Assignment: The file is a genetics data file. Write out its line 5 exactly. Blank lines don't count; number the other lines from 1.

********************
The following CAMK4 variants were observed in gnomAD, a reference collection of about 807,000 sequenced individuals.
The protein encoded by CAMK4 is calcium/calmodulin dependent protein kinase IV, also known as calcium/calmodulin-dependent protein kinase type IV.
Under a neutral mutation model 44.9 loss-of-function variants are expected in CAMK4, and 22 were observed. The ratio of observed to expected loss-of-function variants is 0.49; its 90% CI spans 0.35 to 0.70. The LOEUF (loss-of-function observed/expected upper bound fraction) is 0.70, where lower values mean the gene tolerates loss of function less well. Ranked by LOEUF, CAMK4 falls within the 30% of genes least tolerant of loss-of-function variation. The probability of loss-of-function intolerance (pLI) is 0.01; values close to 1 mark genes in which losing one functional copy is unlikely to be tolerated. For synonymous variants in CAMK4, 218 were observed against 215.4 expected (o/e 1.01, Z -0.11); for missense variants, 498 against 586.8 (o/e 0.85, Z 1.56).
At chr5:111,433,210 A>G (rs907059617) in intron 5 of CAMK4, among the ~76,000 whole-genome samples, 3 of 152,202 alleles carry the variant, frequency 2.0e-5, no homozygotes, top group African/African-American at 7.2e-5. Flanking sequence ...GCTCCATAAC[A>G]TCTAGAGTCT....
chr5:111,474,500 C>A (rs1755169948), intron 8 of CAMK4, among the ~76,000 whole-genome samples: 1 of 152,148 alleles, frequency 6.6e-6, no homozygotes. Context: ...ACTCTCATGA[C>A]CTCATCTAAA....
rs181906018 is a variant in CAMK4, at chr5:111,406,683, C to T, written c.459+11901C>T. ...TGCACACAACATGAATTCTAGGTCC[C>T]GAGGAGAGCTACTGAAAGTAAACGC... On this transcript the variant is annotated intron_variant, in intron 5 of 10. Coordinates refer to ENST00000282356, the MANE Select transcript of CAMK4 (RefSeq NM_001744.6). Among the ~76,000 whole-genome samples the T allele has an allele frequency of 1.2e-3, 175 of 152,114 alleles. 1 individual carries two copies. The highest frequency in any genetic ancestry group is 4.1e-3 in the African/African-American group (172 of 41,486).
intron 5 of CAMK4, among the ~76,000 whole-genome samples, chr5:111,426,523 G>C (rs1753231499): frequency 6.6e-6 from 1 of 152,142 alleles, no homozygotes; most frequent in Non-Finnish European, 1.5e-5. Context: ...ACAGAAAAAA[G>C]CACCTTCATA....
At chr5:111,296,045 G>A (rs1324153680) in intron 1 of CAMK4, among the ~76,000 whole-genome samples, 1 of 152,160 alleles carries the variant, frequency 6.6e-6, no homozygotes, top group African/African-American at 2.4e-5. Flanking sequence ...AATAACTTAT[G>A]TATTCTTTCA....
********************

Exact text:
chr5:111,474,500 C>A (rs1755169948), intron 8 of CAMK4, among the ~76,000 whole-genome samples: 1 of 152,148 alleles, frequency 6.6e-6, no homozygotes. Context: ...ACTCTCATGA[C>A]CTCATCTAAA....